Finally Mt Ellinor in the Olympics! I have been wanting to do this climb for some time. I can see why it's so popular. Fairly easy to get to (compared to other Olympic peaks). There is even an upper trailhead that cuts out most of the hike. We started from the "Lower Trailhead" which is around 2,600'. No snow at (or well above) this trailhead. Two miles of nice hiking in forest on well maintained trail. After two miles you intersect with the trail from the upper trailhead. Now with only 1-1.5 miles to go the trail gets steep. About 1/4 mile after the intersection there was enough snow for micro-spikes, we put on gaiters too. Around 2.5 miles we come to what they call the meadow and entrance to the winter route "chute". The chute is fairly steep, and around 1/4 mile long, so takes some effort. I would not want to do it without spikes and poles. After sweating and grunting up the chute you come to a nice bowl and you can see a false summit. Once up the false summit you will come to another small basin and see the true summit. We left the trailhead at 10am and reached the summit (5,930') at 12:30. We were going at good pace with the right gear, so passed most others. There were several people about, maybe due to the upper trailhead parking lot now being accessible. But that appears to encourage some people to come without the correct gear for this hike. We had lunch on the summit. Several people arrived as we departed the summit around 1:30. There are several glissading opportunities which makes the decent quite fast. However, back in the chute it is steep, and the glissading there was almost too fast. I could barley control my speed with my ice axe. About two hours back to the car. The snow is firm and packed down anywhere near the main route. We estimated the avalanche danger to be very low.

A great climb, and I am sure I will come back to this spot.

Tips: I highly recommend micro-spikes, gaiters, and poles. Ice axe came in handy for the down climb (upper chute) and the glissades. We took snowshoes but did not use.

http://www.everytrail.com/v[…]4ad9321e0fa904f98609af61468

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Mount Ellinor — Apr 04, 2014 — LaugheryA
Day hike
Issues: Snow on trail | Road to trailhead inaccessible
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We were the only ones out! We parked at the junction at the bottom of the forest road to the upper t...
We were the only ones out! We parked at the junction at the bottom of the forest road to the upper trailhead because there was too much snow. We added the 2.2 miles roundtrip onto our hike going up the logging road (decided to do that instead of go back down to the lower). The upper trailhead book indicates no one has been up since early March. The trail through old growth had snow but was in great condition. When we hit the 'meadow' the snow got deep and we forged our way up the avalanche chute (falling up to our thighs in places). Snow and poor visibility cut our climb short of the summit, but we still had an excellent day! It was beautiful. A full blog post (with more photos) can be found here:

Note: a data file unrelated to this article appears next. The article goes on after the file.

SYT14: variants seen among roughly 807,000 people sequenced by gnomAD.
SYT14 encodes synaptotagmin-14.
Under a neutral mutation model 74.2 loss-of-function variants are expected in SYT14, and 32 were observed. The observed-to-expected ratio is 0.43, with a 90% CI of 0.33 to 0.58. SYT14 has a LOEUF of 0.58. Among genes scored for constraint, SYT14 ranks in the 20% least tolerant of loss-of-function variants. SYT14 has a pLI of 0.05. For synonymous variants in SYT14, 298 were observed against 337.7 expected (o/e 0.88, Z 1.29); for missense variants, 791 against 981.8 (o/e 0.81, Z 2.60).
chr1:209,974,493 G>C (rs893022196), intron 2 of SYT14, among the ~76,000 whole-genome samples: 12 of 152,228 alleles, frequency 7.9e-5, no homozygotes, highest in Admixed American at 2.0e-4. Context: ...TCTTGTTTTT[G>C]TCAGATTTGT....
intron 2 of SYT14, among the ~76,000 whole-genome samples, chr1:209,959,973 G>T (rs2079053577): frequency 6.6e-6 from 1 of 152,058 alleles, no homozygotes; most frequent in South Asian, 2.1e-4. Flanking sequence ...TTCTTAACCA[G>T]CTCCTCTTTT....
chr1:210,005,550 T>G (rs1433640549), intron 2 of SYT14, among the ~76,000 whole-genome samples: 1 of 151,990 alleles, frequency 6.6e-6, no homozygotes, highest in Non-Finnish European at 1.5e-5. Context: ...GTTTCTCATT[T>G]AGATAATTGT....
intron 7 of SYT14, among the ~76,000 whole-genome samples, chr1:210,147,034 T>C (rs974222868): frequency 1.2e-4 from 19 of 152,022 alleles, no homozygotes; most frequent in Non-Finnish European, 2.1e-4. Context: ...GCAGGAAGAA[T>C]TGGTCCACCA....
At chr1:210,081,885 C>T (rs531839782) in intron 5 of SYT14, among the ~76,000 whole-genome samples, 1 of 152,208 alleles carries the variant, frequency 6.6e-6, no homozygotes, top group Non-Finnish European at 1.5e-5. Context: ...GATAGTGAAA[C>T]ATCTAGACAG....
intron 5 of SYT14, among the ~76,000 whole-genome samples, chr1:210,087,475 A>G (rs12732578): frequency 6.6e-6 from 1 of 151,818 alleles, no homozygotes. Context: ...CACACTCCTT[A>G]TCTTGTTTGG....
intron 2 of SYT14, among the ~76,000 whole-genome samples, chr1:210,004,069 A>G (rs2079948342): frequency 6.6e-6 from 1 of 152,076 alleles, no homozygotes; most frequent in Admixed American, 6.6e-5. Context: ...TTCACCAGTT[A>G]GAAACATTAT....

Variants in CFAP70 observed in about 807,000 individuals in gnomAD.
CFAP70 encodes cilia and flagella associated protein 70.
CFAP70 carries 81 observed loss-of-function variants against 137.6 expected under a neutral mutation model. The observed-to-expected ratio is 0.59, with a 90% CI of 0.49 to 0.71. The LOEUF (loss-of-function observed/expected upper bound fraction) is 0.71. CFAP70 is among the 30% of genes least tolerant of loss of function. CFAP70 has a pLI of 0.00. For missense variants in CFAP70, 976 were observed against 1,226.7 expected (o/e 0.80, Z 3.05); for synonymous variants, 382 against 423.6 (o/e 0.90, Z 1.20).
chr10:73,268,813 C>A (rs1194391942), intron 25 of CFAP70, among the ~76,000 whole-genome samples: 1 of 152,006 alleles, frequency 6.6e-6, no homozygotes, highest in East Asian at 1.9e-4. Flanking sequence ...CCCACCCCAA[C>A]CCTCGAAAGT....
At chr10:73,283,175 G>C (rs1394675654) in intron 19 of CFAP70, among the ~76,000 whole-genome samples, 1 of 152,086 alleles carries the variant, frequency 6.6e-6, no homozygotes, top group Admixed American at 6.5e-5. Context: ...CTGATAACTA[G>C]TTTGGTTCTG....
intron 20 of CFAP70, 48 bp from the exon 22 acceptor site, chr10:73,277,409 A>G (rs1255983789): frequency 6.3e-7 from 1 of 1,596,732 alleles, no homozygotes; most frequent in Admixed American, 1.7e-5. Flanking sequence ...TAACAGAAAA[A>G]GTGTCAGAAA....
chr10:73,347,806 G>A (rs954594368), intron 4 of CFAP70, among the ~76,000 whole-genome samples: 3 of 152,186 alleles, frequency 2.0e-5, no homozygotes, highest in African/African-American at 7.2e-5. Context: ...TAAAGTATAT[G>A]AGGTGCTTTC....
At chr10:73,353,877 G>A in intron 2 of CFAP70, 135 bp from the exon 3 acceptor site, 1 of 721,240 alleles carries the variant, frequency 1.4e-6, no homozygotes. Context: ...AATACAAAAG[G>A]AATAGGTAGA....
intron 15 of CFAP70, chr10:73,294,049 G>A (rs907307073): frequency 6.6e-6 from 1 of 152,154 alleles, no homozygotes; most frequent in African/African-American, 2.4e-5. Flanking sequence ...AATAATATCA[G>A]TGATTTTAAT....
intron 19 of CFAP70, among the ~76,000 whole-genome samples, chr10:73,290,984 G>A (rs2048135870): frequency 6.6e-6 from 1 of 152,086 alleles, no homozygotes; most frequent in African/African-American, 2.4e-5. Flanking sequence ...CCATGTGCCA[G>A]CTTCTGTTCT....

http://www.handandtheheart.com/[…]/getaway-mount-ellinor.html
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Mount Ellinor — Mar 23, 2014 — curtainclimber
Day hike
Issues: Snow on trail
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The road to the lower trailhead is clear. There was some snow just passed it so we didn't see if it...
The road to the lower trailhead is clear. There was some snow just passed it so we didn't see if it's possible to go to the upper.

No snow shoes needed right now. We only made it up to 4670' (just a bit up the chute.) We turned around as one of our party forgot his ice-axe (required right now) and none of us expected to need crampons (which none of us brought.)

Also, the trail before you get into the deep packed snow is super icy right now. Microspikes would have been nice to speed things up a bit.

Beautiful day though!
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Mount Ellinor — Feb 15, 2014 — nathansward
Day hike
Issues: Snow on trail | Avalanche danger
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After reading recent trip reports, I figured this would be a challenging but attainable winter hike....
After reading recent trip reports, I figured this would be a challenging but attainable winter hike. Calls to the ranger office were helpful. They mentioned that there had been significant snowfall recently, and warned me to check avalanche forecasts.

We left the lower trailhead around 9am. The upper trailhead was inaccessible accept to serious four wheel drive vehicles. The hike was beautiful and easy for the first couple miles. We started encountering some snow and ice, which our yaktrax were able to handle well. After turning to follow the winter route, however, snow began to get deep. We were the first ones on this section of the trail for the last few days. The trail was covered in snow, but still marked by vague foot depressions, so route finding was not a problem. I wished we had snow shoes, since at times we would sink to our thighs.

As the trail approached the snow chute, tracks disappeared entirely. Given that the avalanche forecast was moderate, we decided to attempt the chute. Climbing was strenuous, and I alternated between kicking steps and sinking to my knees in snow. We made it most of the way up the chute before we descended. Reasons for turning back include freezing hands (I was expecting it to be this cold), limited visibility (snowfall had started and was increasing), and avalanche fear.

This was my first climbing hike in the Olympics. It was a great experience... and a learning experience. Still, it was beautiful and challenging hike.
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HoodCanal&Rainier.JPG
Hood Canal and Rainier. Courtesy of Christopher Cote.
Location
Mount Ellinor (#812)
Olympics -- East
Hood Canal Ranger District
Statistics
Roundtrip 6.2 miles
Elevation Gain 3200 ft
Highest Point 5944 ft
Features
Old growth
Wildflowers/Meadows
Mountain views
Summits
Wildlife
Ridges/passes
User info
Northwest Forest Pass required
Guidebooks & Maps
Day Hiking: Olympic Peninsula (Romano - Mountaineers Books)
Hiking Guide to Washington Geology (Carson & Babcock - Keokee) p.45-50
Green Trails Mt Steel No. 167 and The Brothers No. 168
Custom Correct Mount Skokomish-Lake Cushman

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Note: the description and driving directions for this Mountaineers Books entry are copyrighted and can't be changed.

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Red MarkerMount Ellinor
47.5066 -123.232083333